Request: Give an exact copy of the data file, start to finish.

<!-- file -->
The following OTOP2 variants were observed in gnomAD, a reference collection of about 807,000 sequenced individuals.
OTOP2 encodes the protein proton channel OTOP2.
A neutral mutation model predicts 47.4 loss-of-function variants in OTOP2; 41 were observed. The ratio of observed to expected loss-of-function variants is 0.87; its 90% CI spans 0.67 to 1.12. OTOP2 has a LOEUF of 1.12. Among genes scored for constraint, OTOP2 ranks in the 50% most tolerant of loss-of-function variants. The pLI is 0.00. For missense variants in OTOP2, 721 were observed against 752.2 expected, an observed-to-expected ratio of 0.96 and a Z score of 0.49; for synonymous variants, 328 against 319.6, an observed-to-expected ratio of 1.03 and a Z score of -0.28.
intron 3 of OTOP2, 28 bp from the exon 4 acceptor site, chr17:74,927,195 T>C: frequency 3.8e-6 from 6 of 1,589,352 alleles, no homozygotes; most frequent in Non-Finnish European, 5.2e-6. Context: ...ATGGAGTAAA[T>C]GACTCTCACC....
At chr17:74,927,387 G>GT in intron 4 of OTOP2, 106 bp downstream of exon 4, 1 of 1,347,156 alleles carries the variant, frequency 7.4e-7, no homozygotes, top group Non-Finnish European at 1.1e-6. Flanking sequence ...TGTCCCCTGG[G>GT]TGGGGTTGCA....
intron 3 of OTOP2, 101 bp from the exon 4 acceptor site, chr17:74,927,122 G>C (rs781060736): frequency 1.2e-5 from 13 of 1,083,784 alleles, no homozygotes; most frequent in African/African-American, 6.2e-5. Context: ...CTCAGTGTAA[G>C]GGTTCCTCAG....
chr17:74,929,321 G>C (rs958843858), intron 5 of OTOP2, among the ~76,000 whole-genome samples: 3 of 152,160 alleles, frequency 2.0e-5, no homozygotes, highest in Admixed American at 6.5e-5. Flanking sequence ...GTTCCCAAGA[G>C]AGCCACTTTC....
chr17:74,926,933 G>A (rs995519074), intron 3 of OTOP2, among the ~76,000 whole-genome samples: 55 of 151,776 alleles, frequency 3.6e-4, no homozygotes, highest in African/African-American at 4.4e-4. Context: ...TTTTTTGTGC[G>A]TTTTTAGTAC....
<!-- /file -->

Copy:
The following OTOP2 variants were observed in gnomAD, a reference collection of about 807,000 sequenced individuals.
OTOP2 encodes the protein proton channel OTOP2.
A neutral mutation model predicts 47.4 loss-of-function variants in OTOP2; 41 were observed. The ratio of observed to expected loss-of-function variants is 0.87; its 90% CI spans 0.67 to 1.12. OTOP2 has a LOEUF of 1.12. Among genes scored for constraint, OTOP2 ranks in the 50% most tolerant of loss-of-function variants. The pLI is 0.00. For missense variants in OTOP2, 721 were observed against 752.2 expected, an observed-to-expected ratio of 0.96 and a Z score of 0.49; for synonymous variants, 328 against 319.6, an observed-to-expected ratio of 1.03 and a Z score of -0.28.
intron 3 of OTOP2, 28 bp from the exon 4 acceptor site, chr17:74,927,195 T>C: frequency 3.8e-6 from 6 of 1,589,352 alleles, no homozygotes; most frequent in Non-Finnish European, 5.2e-6. Context: ...ATGGAGTAAA[T>C]GACTCTCACC....
At chr17:74,927,387 G>GT in intron 4 of OTOP2, 106 bp downstream of exon 4, 1 of 1,347,156 alleles carries the variant, frequency 7.4e-7, no homozygotes, top group Non-Finnish European at 1.1e-6. Flanking sequence ...TGTCCCCTGG[G>GT]TGGGGTTGCA....
intron 3 of OTOP2, 101 bp from the exon 4 acceptor site, chr17:74,927,122 G>C (rs781060736): frequency 1.2e-5 from 13 of 1,083,784 alleles, no homozygotes; most frequent in African/African-American, 6.2e-5. Context: ...CTCAGTGTAA[G>C]GGTTCCTCAG....
chr17:74,929,321 G>C (rs958843858), intron 5 of OTOP2, among the ~76,000 whole-genome samples: 3 of 152,160 alleles, frequency 2.0e-5, no homozygotes, highest in Admixed American at 6.5e-5. Flanking sequence ...GTTCCCAAGA[G>C]AGCCACTTTC....
chr17:74,926,933 G>A (rs995519074), intron 3 of OTOP2, among the ~76,000 whole-genome samples: 55 of 151,776 alleles, frequency 3.6e-4, no homozygotes, highest in African/African-American at 4.4e-4. Context: ...TTTTTTGTGC[G>A]TTTTTAGTAC....